I do, however, have a bias against the attitudes that many of the faithful carry with themselves when participating in such Masses. It is no secret that many members of indult parishes emit an odour of being "more Catholic" than the rest of the Church, particularly more than those who attend the Mass of Paul VI or the "Ordinary Form".
With this in mind, I would like to call attention to the question of "Catholic identity" and membership in the so-called "Traditionalist movement." It is not my intention to address members of schismatic groups of various strains of sedevacanism; I am interested in those Catholics who are in communion with the Successor of Peter and, incidentally, are bound by the 1983 Code of Canon Law.
Under the heading of "The Supreme Authority of the Church," the Code of Canon Law lists the authority of an ecumenical council (can. 336, 337.1).
However, according to the Dogmatic Constitution on the Sacred Liturgy Sacrosanctum concilium, specific measures of liturgical reform were issued, among which (to name but a few) are:
- a simplification of the Roman Liturgy to reflect the principle of "noble simplicity" (no. 34);
- "a more ample, more varied, and more suitable selection of readings from sacred scripture should be restored" (no. 35, 1);
- recognition of the sermon which "is part of the liturgical action" (no. 35, 2);
- proclamation of the Scriptures in the vernacular (no. 36, 2);
In what way can the celebrants of the Extraordinary Form of Mass, even since the establishment of the Ecclesia Dei Commission, be said to have implemented the reforms of the Council? Can it be honestly said that the Extraordinary Form exhibits a "noble simplicity"--with cluttered altars, servers kissing the cruets and censers, meticulus attention to the ductus of the incensation, and gestures that have lost their practicality?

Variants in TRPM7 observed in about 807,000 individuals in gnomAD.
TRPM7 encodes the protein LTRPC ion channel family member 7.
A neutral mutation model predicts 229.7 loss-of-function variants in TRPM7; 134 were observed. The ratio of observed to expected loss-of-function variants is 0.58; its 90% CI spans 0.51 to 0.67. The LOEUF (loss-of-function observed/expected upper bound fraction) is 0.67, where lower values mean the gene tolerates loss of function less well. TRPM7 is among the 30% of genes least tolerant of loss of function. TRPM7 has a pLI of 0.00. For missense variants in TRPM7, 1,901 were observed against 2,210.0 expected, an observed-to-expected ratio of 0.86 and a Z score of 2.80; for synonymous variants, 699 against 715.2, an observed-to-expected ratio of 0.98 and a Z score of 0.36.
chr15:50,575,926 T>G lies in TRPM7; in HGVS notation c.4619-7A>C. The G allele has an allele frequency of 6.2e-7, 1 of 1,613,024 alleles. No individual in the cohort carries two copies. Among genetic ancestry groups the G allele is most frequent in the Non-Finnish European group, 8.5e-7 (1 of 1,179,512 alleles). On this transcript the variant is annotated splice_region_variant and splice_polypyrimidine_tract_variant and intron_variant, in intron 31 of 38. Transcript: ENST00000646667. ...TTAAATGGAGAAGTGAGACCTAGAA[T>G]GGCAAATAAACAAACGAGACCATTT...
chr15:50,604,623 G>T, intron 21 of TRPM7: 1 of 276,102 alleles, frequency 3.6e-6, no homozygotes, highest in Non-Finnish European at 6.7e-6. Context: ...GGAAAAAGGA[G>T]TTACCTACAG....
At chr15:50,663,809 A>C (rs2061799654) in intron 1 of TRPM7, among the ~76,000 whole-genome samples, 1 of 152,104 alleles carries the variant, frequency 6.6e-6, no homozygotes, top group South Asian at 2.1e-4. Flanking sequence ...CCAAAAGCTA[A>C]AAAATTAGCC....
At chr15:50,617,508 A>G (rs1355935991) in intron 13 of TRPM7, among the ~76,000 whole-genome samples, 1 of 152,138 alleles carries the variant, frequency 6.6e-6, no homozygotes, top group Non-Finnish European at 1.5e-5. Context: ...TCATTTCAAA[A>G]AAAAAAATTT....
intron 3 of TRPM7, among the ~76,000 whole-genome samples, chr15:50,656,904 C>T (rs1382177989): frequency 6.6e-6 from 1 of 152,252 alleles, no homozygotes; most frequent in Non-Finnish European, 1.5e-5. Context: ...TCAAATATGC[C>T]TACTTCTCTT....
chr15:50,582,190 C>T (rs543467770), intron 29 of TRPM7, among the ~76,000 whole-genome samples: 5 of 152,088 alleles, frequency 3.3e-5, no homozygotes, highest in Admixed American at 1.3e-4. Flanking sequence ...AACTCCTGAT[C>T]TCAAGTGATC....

What about the Lectionary? The proclamation of the Scriptures according to the Extraordinary Form still retains a limited repertoire of readings, with an extremely limited selection for the Commons. The Lectionary for Mass according to the Ordinary Form fill four bound volumes according to the Latin typical edition, spread across a three-year cycle; no-one who attends daily Mass according to the Ordinary Form can pretend ignorance of the Scriptures.
An oddity of the Extraordinary Form is the custom of repeating the proclamation of the Scriptures, first in Latin, and again in the vernacular. Not only does this appear to contradict the norm of "noble simplicity", but shows forth the Roman liturgical faux-pas of duplication and thus disrupts the unity of the Liturgy of the Word, not to mention a strong resistance towards the Second Vatican Council's express wish of having the Scriptures proclaimed in the langauge of the assembly.
Worse, there remains the custom of removing certain vestments for the homily or the sermon, and enclosing the same with a sign of the cross. This gives the impression that the Church's munera docendi is truncated from the munera sanctificandi, and that those who assist at a Traditional Latin Mass "step out" of the liturgy to hear the sermon, and then "resume" Mass at the Creed. The Council expressly teaches that the homily is a liturgical function; it seems only appropriate to retain the dignity of liturgical vesture during the exercise of the Church's ministry of preaching. "The homily is strongly recommended since it forms part of the liturgy itself..." (Sacrosanctum concilium, no. 52). The 1983 Code of Canon Law legislates that "Among the forms of preaching, the homily, which is part of the liturgy itself and is reserved to a priest or deacon, is preeminent..." (can. 767.1).